Deer hunting in Alabama brings in big bucks, lots of doe

Deer hunting in Alabama brings in big bucks, lots of doe
Becky Carlee shows off a trophy deer killed in Greene County. (Alabama Black Belt Adventures)

Today’s deer hunters don’t understand that times weren’t always so good for their sport, said Chuck Sykes, director of the Alabama Division of Wildlife and Freshwater Fisheries.

“They have no clue,” Sykes said. “Unless you are in your late 50s, you don’t understand that there weren’t always deer in Alabama.”

When gun deer season opens throughout the state Saturday, Nov. 18, more than 150,000 hunters will take to the woods in an annual autumn ritual. They enjoy a resource that was once almost extinguished and pump millions of dollars into the state’s economy, particularly in rural areas.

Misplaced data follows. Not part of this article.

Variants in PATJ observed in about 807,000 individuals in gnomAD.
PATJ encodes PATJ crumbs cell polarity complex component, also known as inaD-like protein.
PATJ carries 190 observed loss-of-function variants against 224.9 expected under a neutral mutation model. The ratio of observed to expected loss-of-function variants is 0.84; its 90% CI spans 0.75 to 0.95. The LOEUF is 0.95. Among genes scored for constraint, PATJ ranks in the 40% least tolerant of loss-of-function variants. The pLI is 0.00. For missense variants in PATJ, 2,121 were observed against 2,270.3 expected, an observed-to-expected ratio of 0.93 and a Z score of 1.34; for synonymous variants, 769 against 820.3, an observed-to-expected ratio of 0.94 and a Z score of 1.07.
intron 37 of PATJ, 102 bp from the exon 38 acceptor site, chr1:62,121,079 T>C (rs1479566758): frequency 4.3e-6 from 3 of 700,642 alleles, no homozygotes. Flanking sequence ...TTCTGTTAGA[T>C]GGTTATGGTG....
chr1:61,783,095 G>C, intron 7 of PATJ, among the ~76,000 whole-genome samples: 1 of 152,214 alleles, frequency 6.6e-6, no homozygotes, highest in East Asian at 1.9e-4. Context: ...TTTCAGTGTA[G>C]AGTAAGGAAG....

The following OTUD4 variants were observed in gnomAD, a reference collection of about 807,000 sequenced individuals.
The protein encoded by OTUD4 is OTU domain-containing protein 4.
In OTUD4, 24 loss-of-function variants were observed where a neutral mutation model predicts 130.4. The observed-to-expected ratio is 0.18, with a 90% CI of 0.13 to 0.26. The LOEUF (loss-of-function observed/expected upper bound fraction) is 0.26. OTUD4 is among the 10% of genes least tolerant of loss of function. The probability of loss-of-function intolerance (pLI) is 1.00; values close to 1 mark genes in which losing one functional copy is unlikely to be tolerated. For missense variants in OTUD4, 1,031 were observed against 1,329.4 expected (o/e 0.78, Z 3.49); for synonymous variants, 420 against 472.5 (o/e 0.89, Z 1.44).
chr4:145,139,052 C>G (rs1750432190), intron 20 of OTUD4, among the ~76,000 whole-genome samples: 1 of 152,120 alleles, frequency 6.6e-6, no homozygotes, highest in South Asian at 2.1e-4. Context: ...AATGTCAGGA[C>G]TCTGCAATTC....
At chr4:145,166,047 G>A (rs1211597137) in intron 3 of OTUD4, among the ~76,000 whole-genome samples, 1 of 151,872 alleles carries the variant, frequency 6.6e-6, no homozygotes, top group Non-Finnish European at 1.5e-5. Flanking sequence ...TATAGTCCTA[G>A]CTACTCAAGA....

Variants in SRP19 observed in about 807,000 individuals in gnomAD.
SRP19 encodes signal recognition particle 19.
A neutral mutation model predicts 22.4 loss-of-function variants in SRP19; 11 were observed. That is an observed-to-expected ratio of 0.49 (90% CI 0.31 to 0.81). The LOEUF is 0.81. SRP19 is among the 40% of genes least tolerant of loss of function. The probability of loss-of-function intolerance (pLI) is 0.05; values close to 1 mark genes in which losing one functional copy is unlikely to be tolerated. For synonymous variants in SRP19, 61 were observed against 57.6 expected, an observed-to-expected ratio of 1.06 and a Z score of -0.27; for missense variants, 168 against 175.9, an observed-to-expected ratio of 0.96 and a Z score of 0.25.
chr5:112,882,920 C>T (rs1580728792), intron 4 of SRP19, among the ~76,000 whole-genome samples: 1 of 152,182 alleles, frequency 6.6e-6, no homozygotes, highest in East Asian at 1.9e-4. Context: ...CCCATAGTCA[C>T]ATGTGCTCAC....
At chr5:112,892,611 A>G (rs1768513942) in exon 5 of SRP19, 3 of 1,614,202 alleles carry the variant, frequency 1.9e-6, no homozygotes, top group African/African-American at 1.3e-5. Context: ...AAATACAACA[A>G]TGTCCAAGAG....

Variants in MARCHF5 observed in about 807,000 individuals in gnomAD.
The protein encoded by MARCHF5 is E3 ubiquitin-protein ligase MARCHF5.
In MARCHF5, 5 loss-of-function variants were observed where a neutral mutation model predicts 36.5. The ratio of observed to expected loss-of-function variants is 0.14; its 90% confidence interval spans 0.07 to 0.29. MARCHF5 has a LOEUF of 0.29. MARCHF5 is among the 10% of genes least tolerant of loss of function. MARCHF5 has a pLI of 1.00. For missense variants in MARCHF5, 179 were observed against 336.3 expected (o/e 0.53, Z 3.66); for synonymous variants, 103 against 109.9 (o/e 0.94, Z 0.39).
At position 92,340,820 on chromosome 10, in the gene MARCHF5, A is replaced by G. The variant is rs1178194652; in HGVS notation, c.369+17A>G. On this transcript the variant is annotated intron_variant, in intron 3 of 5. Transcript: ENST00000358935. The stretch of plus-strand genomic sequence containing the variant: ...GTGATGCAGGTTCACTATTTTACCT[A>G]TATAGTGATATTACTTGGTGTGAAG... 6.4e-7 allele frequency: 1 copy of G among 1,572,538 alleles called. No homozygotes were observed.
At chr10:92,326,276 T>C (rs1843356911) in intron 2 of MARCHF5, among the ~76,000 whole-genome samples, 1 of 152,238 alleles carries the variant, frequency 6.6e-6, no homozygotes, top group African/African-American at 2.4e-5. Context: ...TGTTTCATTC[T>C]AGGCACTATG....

In the early 20th century, habitat loss and unregulated hunting had reduced Alabama’s deer population to a remnant of little more than 5,000 animals living in the Tombigbee and Alabama River bottoms in the southern half of the state. Today, Sykes conservatively estimates the deer population at more than 1 million animals, and some estimate that it runs as high as 1.6 million. There are deer in all 67 Alabama counties.

The state’s deer herd didn’t get there on its own, and it didn’t get there overnight. State conservation officials campaigned throughout Alabama to win support among the state’s hunters for sensible conservation measures. They won over hunters who abided by a generous but reasonable season and abstained from shooting anything but bucks.

The population grew throughout the 20th century and most wildlife biologists agree that further growth runs the risk of overpopulation. Conservation regulations have shifted from growing the state’s deer population to maintaining it, obtaining the proper balance between bucks and does and improving its age structure.

Deer hunting in Alabama from Alabama NewsCenter on Vimeo.

Game Check

Many hunters take today’s bounty for granted.

“They don’t realize the effort the state and private landowners went through in the ’20s, ’30s, ’40s and ’50s” to rebuild the population, he said.